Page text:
A Palestinian woman washes by candlelight during a power cut in the kitchen of her home in Beit Lahiya in the northern Gaza Strip.
(photo credit: REUTERS)
Electrical lines that supply power to the Gaza Strip from Egypt were partially restored over the weekend, Gaza Electricity Distribution Company spokesman Muhammad Thabet said Sunday, after they were out of service for two months.
“This led to an improvement in the arrival of electricity,” the Hamas-run Energy Authority in Gaza said late Saturday night.
There are two electrical lines from Egypt that have the potential to supply the Strip with 28 megawatts of power. However, the two electrical lines are currently supplying Gaza with 13-14 megawatts, according to Thabet.
The two electrical lines from Egypt frequently fail and require servicing.
Gaza, which has been suffering from extremely long power outages over the past several months
, is currently receiving a total of 148-149 MW, Thabet said: 13-14 MW from Egypt, 70 MW from Israel, and 65 MW from the Gaza power station.
The Strip’s total demand for electricity is approximately 400-500 MW, according to Gisha, an Israeli NGO that monitors the humanitarian situation in Gaza.
Thabet said that over the past couple of days, Gazans have received between six to eight hours of electricity daily.
“There is more electricity available now because our ministries are not consuming electricity for the holiday,” Thabet said, referring to Eid al-Adha, “But after everyone returns to work in a few days, we expect the schedule to return to four hours of electricity daily.”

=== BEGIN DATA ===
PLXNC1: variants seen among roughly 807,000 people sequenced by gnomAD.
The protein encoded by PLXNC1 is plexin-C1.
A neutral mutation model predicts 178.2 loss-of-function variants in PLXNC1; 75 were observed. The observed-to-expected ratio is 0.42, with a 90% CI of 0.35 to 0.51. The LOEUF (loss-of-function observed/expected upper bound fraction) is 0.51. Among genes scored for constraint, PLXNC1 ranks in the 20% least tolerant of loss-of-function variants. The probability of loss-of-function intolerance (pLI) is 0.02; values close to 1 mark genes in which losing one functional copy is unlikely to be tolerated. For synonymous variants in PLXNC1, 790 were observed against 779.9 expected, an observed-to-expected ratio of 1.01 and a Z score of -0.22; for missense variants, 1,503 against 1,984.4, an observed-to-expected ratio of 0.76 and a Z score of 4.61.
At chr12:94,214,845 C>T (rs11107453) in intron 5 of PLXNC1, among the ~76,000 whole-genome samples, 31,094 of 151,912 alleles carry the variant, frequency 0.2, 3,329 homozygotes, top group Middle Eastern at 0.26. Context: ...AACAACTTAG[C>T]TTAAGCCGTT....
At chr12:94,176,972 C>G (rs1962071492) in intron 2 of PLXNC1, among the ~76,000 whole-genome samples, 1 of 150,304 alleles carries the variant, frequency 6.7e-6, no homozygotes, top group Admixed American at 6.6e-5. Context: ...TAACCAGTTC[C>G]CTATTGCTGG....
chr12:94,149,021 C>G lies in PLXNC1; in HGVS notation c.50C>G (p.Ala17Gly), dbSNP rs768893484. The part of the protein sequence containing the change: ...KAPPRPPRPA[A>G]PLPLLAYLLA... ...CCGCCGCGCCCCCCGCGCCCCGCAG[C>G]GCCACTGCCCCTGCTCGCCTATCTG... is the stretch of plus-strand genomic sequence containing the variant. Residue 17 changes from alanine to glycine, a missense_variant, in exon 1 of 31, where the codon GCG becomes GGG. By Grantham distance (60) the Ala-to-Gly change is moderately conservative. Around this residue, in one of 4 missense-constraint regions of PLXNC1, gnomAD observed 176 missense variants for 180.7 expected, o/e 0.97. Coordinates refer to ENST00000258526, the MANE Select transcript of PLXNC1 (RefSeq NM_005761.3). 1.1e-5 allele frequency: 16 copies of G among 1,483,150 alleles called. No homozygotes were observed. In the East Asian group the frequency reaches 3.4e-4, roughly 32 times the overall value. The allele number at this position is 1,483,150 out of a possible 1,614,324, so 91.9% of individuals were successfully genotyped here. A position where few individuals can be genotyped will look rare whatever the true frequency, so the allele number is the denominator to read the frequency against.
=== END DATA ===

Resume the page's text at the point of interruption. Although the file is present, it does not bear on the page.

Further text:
On behalf of the Palestinian Authority, Israel previously delivered 120 MW to Gaza, but cut its deliveries there to some 70 MW in June. The PA had asked Israel in April to decrease its supply to approximately 70 MW.
The PA decided to decrease its payments for electricity Israel sends to Gaza to pressure Hamas to cede control of the Strip. Hamas has controlled Gaza since 2007 when it ousted the PA from the territory.
Abbas recently told a group of left-leaning Meretz MKs that he could completely end payments for electricity and other budgets for Gaza, if Hamas does not give up control of the Strip.
Gaza’s sole power plant was also temporarily closed in April, May and in part of June due to a lack of fuel. However, following talks between Hamas, Egyptian intelligence officials and self-exiled Fatah leader Muhammad Dahlan, Egypt started sending shipments of millions of liters of cheap diesel fuel to Gaza.
“The Egyptian fuel has helped, but it is not consistent and its arrival is subject to the security situation in the Sinai,” Thabet stated.
Egypt temporarily stopped fuel deliveries in July following a suicide bombing in the Sinai that left 26 Egyptian soldiers dead.
A resident of Gaza City, who agreed to speak on the condition of anonymity, said he was “satisfied” with the increase in electricity supplyover the past few days, but said action needs to be taken to sustain it.
“Its been great to have more electricity for the holiday, but I know we will suffer through longer power outages when it ends,” the resident said.
“The PA, Hamas and Israel need to take action to make sure we have a continuous supply of electricity. It is unacceptable that they have allowed the political situation to determine whether or not we receive basic services like electricity.”